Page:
Character Education vs Social Justice Pedagogy

The “Six Pillars of Character” identified as trustworthiness, respect, responsibility, fairness, caring, and citizenship (Traub, 2005) are interpreted in a variety of different education programs – some of which also include other “virtues” such as, criticism, creativity, curiosity, concentration, communication, correction and control (The Seven C’s of Thinking Clearly by Integrity Matters). In sum, schools that wish to include moral or human values in education embrace “character education” programs. However, character education programs that service disenfranchised student populations are often adopted as a vehicle to prevent violence, drug abuse, dropouts and other behaviors that have been readily identified as being part of the “achievement gap” problem. Many educators look for programs that will a) keep students in the classroom, (b) teach students how to treat each other and the teacher with respect, (c) improve classroom management and (d) provide a moral or ethical reason behind such behaviors that do not originate from the teacher. Consequently, character education programs are getting much attention when minority students comprise the majority of many public schools today and the high school dropout rate is close to 60% in some districts. Teachers and administrators bellow, “How can I get these kids to stay in school and not kill each other or ME for that matter?” How can I teach them the value of education, cooperation and discipline? Character education programs somehow promise that there is a way to teach children “virtues” that will enable them to produce in the school environment.

All schools are interested in transformation – especially schools that service disenfranchised students historically marginalized in our society. How we approach educating students is particularly critical when we suggest challenging the fundamental inequities that characterize our education system. No one argues that students need to respect themselves, each other and adults. No one argues that if students are not in school then they cannot learn! Student engagement is fundamental to student achievement. However, the growing movement of educators who believe that “teaching is about transforming our students into their true potential, or we must teach these kids the virtues of a good character or citizen” concerns me. Statements like these are dangerously close to the traditional educational paradigm, which suggests that students are empty vessels and teachers are given the task of filling them with worthy knowledge. The alarming drop out rates amongst children of color and from poverty stricken homes, the increase in school violence, the widening of the achievement gap, the growing sense of despair in many “urban,” “minority,” “at-risk,” schools because of discipline issues, uncontrollable and anti-social conduct that prevent students from receiving the “valuable” information teachers are trying to give them – are all factors that make character education programs that promote “conflict resolution” and “democracy” very attractive to educators looking for a values driven fix. However, while teachers are waiting for their unruly students to resolve conflicts peacefully and be able to “walk in another person’s shoes” towards understanding and tolerance; while teachers discuss how “those kids” just don’t value education behind closed doors – I ask: When will teachers begin to look at themselves? Since when has the notion of transforming our schools by transforming our kids into better people become a new and improved concept? Haven’t middle class and mainstream teachers and administrators and politicians always wanted poor children of color to learn middle class and “mainstream” codes of behavior?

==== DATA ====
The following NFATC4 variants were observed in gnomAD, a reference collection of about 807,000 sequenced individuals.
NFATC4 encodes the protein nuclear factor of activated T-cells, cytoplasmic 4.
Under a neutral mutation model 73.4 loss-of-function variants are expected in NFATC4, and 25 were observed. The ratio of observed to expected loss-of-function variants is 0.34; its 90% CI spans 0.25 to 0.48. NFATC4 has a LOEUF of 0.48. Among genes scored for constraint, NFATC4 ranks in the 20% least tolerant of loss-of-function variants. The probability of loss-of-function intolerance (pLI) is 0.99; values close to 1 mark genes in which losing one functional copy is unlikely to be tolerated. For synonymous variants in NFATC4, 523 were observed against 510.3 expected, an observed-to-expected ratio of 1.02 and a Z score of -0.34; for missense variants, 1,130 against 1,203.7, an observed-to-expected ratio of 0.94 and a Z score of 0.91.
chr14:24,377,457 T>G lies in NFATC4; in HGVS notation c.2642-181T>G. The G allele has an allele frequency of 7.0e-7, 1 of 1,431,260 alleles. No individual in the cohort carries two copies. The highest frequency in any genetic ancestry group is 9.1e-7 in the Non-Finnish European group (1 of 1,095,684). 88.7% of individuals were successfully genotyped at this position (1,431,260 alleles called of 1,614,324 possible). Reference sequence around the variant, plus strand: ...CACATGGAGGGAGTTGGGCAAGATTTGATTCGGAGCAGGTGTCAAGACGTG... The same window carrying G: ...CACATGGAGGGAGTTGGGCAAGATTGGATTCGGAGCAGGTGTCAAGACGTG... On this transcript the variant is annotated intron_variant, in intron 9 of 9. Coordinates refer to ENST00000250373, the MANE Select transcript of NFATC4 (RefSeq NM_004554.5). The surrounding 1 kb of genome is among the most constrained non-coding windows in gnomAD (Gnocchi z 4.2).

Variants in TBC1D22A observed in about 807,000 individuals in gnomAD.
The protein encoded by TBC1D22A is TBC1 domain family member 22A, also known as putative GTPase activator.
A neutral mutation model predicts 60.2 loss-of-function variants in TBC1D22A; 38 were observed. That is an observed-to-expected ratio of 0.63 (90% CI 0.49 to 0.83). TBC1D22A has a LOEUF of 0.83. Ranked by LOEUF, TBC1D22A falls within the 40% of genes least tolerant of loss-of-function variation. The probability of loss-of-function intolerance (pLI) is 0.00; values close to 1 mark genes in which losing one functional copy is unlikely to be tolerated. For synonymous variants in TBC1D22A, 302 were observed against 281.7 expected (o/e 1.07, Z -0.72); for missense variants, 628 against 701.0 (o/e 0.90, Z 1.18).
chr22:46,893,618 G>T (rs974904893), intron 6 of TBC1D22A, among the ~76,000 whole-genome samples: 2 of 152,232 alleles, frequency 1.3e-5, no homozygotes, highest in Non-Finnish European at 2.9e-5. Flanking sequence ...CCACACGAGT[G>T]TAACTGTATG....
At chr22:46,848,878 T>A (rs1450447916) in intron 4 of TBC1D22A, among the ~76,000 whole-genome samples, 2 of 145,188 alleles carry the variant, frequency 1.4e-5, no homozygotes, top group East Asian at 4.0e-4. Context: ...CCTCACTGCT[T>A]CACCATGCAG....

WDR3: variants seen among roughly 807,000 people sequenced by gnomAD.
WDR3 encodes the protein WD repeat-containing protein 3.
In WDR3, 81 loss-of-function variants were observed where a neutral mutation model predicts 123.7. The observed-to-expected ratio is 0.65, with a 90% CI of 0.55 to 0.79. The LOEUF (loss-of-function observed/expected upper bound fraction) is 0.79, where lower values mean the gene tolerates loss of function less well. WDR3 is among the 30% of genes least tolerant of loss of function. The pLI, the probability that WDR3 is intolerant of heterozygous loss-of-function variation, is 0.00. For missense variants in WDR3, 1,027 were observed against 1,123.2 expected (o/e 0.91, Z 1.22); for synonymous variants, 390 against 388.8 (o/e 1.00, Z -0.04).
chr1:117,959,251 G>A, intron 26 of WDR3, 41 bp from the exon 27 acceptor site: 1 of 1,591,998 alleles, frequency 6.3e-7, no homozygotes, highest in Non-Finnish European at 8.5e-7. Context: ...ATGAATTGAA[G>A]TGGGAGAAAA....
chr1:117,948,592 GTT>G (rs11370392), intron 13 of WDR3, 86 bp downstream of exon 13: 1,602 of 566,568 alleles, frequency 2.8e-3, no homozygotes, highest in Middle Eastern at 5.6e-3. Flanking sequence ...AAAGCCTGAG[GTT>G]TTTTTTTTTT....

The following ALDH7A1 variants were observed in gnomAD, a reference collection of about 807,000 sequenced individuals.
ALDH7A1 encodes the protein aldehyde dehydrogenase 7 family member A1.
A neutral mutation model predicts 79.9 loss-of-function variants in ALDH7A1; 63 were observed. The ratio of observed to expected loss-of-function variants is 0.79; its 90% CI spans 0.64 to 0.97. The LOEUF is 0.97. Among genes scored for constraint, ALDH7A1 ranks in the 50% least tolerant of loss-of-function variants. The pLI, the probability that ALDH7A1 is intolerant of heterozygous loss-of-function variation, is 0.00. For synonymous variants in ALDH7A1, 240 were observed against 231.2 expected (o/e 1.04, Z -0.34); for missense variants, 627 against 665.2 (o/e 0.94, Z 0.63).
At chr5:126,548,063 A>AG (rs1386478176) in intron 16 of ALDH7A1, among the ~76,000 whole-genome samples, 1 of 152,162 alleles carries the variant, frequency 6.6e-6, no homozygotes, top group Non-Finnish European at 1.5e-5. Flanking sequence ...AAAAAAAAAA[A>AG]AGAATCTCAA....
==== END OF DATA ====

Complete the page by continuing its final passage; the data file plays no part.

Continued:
Perhaps we ought to be critical of character education proponents that speak of a mutual “yearning to transform kids into their true potential.” An educator that speaks to a child with a yearning to see this kid be something that they are not at the present moment, is not seeing the child for who he or she really is – aside from their choices or behavior. An educator who cannot see the beauty in a child – exactly where he or she is in the present moment – cannot expect to connect with that child in the present moment. That child is, you know, the one who does not take off his hat, who exhibits insurgent behavior, who is angry with an unjust world (that exists), who is bored out of his mind with the tens of thousands of tests that he is required to take, filling in bubble after bubble for yet another standardized exam that will tell him and his school that they are (and will always be) low performing, that child that gets up and says “fuck this shit,” that child that does not play by the rules because rules have never benefited him – you know, THAT child. All of these “other people’s children” are all beautiful children in every sense of the word, right here, right now. They cannot and will not conform, transform to anyone’s set of values. The only way THAT child will consider his or her future potential is if he or she is seen in his or her absolute beauty in the present moment.